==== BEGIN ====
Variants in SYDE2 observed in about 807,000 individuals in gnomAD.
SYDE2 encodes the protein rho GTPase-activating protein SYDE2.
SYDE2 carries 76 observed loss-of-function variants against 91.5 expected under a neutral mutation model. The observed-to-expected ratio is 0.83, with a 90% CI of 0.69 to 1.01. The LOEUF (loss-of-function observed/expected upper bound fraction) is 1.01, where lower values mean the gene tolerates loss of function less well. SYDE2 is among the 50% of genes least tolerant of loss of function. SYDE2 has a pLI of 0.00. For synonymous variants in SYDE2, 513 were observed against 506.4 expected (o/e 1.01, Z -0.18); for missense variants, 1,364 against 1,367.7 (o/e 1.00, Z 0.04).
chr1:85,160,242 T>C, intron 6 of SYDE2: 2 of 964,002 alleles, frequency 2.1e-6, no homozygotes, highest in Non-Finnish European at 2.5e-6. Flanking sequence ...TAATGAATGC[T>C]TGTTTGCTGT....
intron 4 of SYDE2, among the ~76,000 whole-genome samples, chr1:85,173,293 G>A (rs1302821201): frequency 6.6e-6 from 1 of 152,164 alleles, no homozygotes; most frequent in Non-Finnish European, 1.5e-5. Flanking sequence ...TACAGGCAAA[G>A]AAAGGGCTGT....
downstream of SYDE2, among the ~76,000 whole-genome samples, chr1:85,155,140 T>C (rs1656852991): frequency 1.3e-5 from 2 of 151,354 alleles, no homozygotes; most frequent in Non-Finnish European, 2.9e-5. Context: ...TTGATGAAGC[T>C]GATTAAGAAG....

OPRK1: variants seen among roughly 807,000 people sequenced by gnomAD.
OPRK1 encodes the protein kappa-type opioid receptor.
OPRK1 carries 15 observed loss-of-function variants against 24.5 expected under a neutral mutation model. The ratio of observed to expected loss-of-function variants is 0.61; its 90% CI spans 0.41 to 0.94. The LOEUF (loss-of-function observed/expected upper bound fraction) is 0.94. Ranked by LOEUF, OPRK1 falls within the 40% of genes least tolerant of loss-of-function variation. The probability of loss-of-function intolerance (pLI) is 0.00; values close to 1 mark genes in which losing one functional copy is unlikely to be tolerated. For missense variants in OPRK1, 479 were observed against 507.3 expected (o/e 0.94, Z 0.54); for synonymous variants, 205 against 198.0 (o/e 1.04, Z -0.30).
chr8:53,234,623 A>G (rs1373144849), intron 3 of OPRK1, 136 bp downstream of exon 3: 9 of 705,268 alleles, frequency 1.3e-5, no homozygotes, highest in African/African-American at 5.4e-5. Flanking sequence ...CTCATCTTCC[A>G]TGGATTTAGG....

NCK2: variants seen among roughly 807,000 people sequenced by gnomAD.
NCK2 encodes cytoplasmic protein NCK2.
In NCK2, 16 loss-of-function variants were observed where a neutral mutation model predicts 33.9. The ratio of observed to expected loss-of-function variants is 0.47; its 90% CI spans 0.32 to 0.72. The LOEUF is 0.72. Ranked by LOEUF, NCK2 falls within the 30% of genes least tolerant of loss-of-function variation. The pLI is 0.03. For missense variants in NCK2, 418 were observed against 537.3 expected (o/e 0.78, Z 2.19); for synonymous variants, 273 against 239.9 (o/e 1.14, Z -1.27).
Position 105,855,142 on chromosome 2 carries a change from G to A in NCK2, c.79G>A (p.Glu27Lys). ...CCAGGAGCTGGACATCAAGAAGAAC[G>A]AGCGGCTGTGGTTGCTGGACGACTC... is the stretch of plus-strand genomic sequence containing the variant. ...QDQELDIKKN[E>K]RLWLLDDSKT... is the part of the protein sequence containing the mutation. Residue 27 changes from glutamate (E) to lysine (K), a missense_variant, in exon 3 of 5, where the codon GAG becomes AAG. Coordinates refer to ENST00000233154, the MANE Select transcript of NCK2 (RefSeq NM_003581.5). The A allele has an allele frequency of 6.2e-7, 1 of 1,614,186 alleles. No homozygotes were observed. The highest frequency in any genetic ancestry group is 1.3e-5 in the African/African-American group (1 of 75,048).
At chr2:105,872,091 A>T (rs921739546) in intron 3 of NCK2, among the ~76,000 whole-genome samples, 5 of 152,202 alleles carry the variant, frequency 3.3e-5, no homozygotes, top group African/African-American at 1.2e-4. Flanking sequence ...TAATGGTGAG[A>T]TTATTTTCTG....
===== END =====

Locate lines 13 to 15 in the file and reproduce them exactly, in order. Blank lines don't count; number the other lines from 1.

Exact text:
In NCK2, 16 loss-of-function variants were observed where a neutral mutation model predicts 33.9. The ratio of observed to expected loss-of-function variants is 0.47; its 90% CI spans 0.32 to 0.72. The LOEUF is 0.72. Ranked by LOEUF, NCK2 falls within the 30% of genes least tolerant of loss-of-function variation. The pLI is 0.03. For missense variants in NCK2, 418 were observed against 537.3 expected (o/e 0.78, Z 2.19); for synonymous variants, 273 against 239.9 (o/e 1.14, Z -1.27).
Position 105,855,142 on chromosome 2 carries a change from G to A in NCK2, c.79G>A (p.Glu27Lys). ...CCAGGAGCTGGACATCAAGAAGAAC[G>A]AGCGGCTGTGGTTGCTGGACGACTC... is the stretch of plus-strand genomic sequence containing the variant. ...QDQELDIKKN[E>K]RLWLLDDSKT... is the part of the protein sequence containing the mutation. Residue 27 changes from glutamate (E) to lysine (K), a missense_variant, in exon 3 of 5, where the codon GAG becomes AAG. Coordinates refer to ENST00000233154, the MANE Select transcript of NCK2 (RefSeq NM_003581.5). The A allele has an allele frequency of 6.2e-7, 1 of 1,614,186 alleles. No homozygotes were observed. The highest frequency in any genetic ancestry group is 1.3e-5 in the African/African-American group (1 of 75,048).
At chr2:105,872,091 A>T (rs921739546) in intron 3 of NCK2, among the ~76,000 whole-genome samples, 5 of 152,202 alleles carry the variant, frequency 3.3e-5, no homozygotes, top group African/African-American at 1.2e-4. Flanking sequence ...TAATGGTGAG[A>T]TTATTTTCTG....